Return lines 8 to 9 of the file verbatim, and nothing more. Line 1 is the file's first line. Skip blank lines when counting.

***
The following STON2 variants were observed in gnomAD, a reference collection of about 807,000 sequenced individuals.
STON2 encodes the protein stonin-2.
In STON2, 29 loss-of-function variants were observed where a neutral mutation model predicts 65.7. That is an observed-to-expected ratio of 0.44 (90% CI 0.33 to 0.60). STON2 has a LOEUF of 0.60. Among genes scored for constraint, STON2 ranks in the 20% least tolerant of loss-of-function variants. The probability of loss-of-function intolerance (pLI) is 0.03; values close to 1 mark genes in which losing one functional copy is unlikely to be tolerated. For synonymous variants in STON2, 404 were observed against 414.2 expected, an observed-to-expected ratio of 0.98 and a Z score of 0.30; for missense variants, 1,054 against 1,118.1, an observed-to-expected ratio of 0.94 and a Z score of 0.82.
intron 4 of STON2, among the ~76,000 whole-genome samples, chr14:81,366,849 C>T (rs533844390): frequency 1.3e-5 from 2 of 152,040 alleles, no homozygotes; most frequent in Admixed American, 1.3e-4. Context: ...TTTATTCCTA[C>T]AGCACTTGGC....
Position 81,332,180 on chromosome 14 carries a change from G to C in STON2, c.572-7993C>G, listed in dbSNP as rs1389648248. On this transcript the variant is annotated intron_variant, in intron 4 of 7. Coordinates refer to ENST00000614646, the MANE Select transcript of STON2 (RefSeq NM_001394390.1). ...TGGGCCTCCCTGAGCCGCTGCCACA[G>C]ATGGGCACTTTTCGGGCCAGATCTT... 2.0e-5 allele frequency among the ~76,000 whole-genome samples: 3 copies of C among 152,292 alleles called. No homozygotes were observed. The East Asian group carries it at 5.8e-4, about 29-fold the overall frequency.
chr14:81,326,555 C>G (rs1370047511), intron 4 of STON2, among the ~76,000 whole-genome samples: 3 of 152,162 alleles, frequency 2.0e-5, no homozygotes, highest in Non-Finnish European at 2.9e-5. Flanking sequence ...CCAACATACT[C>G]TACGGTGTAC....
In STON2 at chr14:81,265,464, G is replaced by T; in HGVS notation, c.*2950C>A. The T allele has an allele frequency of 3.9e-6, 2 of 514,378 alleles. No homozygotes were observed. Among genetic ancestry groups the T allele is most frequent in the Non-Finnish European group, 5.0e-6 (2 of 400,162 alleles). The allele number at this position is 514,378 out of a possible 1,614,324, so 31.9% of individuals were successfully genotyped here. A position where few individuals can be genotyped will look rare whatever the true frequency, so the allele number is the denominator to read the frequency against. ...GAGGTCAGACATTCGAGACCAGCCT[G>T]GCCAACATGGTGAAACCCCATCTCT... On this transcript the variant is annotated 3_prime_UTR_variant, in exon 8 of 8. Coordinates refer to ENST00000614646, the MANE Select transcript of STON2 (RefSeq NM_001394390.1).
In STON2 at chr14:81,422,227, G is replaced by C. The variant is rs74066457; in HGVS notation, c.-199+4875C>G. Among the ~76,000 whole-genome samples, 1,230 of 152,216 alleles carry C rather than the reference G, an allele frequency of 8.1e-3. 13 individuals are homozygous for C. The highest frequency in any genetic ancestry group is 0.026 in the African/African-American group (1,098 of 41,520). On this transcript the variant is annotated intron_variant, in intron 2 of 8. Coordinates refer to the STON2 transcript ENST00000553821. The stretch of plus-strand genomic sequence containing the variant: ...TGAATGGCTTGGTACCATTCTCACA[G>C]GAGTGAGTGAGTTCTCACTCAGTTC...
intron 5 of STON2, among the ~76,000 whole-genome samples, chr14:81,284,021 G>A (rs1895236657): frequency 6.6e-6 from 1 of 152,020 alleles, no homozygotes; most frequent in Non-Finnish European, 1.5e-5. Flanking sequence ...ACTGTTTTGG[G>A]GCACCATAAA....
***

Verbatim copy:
In STON2 at chr14:81,422,227, G is replaced by C. The variant is rs74066457; in HGVS notation, c.-199+4875C>G. Among the ~76,000 whole-genome samples, 1,230 of 152,216 alleles carry C rather than the reference G, an allele frequency of 8.1e-3. 13 individuals are homozygous for C. The highest frequency in any genetic ancestry group is 0.026 in the African/African-American group (1,098 of 41,520). On this transcript the variant is annotated intron_variant, in intron 2 of 8. Coordinates refer to the STON2 transcript ENST00000553821. The stretch of plus-strand genomic sequence containing the variant: ...TGAATGGCTTGGTACCATTCTCACA[G>C]GAGTGAGTGAGTTCTCACTCAGTTC...
intron 5 of STON2, among the ~76,000 whole-genome samples, chr14:81,284,021 G>A (rs1895236657): frequency 6.6e-6 from 1 of 152,020 alleles, no homozygotes; most frequent in Non-Finnish European, 1.5e-5. Flanking sequence ...ACTGTTTTGG[G>A]GCACCATAAA....